Keep Kids Fed Act funding ended this year, which means a return to pre-pandemic meal reimbursement rates for most schools and districts. Newly released National School Lunch Program (NSLP) reimbursement rates for the coming school year confirmed this. The news came shortly before the 2023 School Nutrition Association’s (SNA) Annual National Convention (ANC) in July, so it was a hot conversation topic on the conference floor.
Many K-12 nutrition professionals we met in our booth at the 2023 SNA ANC shared concerns about what dropping reimbursement rates mean for their nutrition programs. These worries aren’t new, and fears of dropping reimbursement rates will only compound the problem. Our 2023 K-12 Nutrition Survey Report reveals that nearly 60% of Food Service Directors are extremely or somewhat concerned about per-meal reimbursement rates not covering the cost of a producing reimbursable meal. Plus, only 56% of respondents feel they do well at collecting meal applications. On top of that, 78% of respondents agree that nutrition/food service budgets will only get tighter in the future.
However, the news isn’t all bleak. Additional funding is streaming in to help address reimbursement shortfalls. CPI data shows a 296% school food price increase from April 2022 to April 2023, so the USDA sees a clear need for financial support. They stepped in with a third round of Supply Chain Assistance Funding for Schools totaling nearly $1.3 billion—that adds up to nearly $3.8 billion since December 2021. Districts participating in the NSLP can use these funds to purchase unprocessed or minimally processed domestic food products.
The additional funding will help, but there are still ways schools can maximize their eligible reimbursement. They can also create a little more financial cushion by identifying opportunities to increase revenues in their nonprofit food service account. This could include snack and à la carte sales or beginning a catering program.
Maximize meal reimbursement rates
Back-to-school season means it’s time for school lunch staff to start planning menus, ordering supplies, and collecting meal applications. For schools and districts not participating in the Community Eligibility Provision (CEP) or other programs such as Provision 2, it’s imperative to maximize their free and reduced numbers to receive those higher reimbursement rates. These numbers can be increased through two different ways:
Direct certification is one of the most important ways to certify children for free meals. Children are automatically eligible if they receive Supplemental Nutrition Assistance Program (SNAP), Temporary Assistance for Needy Families (TANF), or Medicaid (in certain states) benefits. Eligibility through direct certification can be extended to other children in the household.
Tips for direct certification success:
- Conduct direct certification regularly to capture all those eligible
- Make efforts to extend that eligibility to the rest of the household
- Look closely for new students and close spelling matches to those already certified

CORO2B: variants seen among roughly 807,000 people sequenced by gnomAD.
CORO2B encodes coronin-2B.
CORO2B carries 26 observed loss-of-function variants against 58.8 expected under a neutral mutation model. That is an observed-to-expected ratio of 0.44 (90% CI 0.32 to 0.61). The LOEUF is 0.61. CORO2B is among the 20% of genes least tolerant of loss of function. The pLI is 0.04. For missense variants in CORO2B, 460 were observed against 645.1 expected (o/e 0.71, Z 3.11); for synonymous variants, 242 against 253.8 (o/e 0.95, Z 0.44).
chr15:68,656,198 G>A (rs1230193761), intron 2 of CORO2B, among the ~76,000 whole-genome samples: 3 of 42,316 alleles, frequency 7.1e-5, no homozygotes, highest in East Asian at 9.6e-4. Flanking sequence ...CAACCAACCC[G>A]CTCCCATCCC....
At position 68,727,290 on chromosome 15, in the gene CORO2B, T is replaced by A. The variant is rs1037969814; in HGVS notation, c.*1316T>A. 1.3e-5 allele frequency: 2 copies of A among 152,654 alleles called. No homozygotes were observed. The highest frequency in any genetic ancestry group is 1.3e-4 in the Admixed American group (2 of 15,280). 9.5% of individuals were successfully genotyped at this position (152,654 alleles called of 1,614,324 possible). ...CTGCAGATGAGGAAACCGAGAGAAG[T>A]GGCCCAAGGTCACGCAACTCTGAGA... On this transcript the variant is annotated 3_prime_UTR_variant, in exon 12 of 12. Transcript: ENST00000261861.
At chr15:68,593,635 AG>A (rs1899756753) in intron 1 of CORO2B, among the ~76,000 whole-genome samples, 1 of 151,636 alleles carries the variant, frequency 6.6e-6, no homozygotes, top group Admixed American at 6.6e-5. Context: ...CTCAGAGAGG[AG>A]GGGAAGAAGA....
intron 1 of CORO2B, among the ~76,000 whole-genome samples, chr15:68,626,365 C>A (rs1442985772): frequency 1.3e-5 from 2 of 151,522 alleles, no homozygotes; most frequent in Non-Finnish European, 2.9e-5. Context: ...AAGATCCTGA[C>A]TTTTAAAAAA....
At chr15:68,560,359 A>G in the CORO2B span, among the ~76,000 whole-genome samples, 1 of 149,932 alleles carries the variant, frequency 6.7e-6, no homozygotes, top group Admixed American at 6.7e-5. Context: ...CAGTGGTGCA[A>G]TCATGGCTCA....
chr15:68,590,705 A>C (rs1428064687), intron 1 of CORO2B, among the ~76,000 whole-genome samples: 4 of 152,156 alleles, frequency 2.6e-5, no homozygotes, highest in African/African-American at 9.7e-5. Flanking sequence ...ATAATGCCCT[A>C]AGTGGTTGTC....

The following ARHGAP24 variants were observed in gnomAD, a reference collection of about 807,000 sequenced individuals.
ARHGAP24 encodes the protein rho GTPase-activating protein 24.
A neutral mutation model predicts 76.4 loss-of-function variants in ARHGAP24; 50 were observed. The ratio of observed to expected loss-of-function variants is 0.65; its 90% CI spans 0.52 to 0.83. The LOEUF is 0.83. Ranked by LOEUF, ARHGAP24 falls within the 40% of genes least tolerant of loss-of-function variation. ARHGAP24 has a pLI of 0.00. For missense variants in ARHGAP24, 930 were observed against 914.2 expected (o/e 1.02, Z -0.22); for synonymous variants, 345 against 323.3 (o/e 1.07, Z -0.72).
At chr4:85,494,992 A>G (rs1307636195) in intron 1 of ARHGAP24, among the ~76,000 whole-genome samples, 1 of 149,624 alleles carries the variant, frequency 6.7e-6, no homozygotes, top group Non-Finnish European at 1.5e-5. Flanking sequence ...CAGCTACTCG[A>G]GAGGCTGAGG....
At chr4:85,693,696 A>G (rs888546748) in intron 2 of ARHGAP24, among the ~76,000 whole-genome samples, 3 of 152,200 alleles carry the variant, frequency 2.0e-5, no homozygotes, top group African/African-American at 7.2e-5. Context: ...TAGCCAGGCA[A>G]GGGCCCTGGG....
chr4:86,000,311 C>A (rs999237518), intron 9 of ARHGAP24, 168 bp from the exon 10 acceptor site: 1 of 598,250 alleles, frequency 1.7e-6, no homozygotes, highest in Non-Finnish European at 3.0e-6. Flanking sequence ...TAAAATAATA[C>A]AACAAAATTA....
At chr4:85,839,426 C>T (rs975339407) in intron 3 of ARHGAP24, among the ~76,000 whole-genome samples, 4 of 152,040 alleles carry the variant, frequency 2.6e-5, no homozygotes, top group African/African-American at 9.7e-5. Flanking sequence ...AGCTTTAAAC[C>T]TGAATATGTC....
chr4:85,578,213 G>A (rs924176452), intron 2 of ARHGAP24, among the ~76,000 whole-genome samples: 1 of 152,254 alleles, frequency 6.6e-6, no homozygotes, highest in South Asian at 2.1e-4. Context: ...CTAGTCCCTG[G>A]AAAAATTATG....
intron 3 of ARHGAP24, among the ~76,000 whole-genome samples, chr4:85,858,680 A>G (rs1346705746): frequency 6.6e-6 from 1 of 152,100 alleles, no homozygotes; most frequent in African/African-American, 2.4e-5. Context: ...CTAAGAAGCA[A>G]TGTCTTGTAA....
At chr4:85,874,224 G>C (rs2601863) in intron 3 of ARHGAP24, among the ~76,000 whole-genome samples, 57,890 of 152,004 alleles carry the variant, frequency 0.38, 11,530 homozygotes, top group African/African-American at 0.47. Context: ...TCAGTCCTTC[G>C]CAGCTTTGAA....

Spending time to closely review the direct certification lists to capture and identify all students and extend eligibility as appropriate helps boost reimbursements. It also helps with CEP eligibility when it comes time to evaluate at the end of the school year.
Families must submit a meal application if a child cannot be directly certified for free or reduced meals.The importance of improving your district’s ability to collect meal applications cannot be understated. Collecting meal applications may be time-consuming, but the more time you can devote and develop strategies to increase submissions, the better.
Tips for meal application collection success:
- Make meal applications available in multiple languages
- Provide online meal applications and assistance if necessary
- Set up stations during back-to-school events to quickly applications
Partner with the school nurses, school counselors, and other support staff to encourage families to submit applications any time throughout the year. A change in the family can make a student eligible free or reduced meals even if they weren’t at the beginning of the school year.
Get insights and tips for maximizing K-12 nutrition program funding
Increasing free and reduced numbers helps K-12 nutrition program tap into more potential revenue. It also helps ensure that every child eligible for a free meal receives one. This keeps bellies full and can even contribute to lower meal debt.
In addition to maximizing your reimbursement, there are other ways to generate revenue for your nutrition program. Boosting your a la carte sales, simplifying meal payments, starting a catering program, and providing vending meals to other nutrition programs are all tactics that can help increase revenue as your district is concerned with the rising costs of school meals.
For more information about the challenges schools are facing in their nutrition programs, read our full K-12 nutrition report.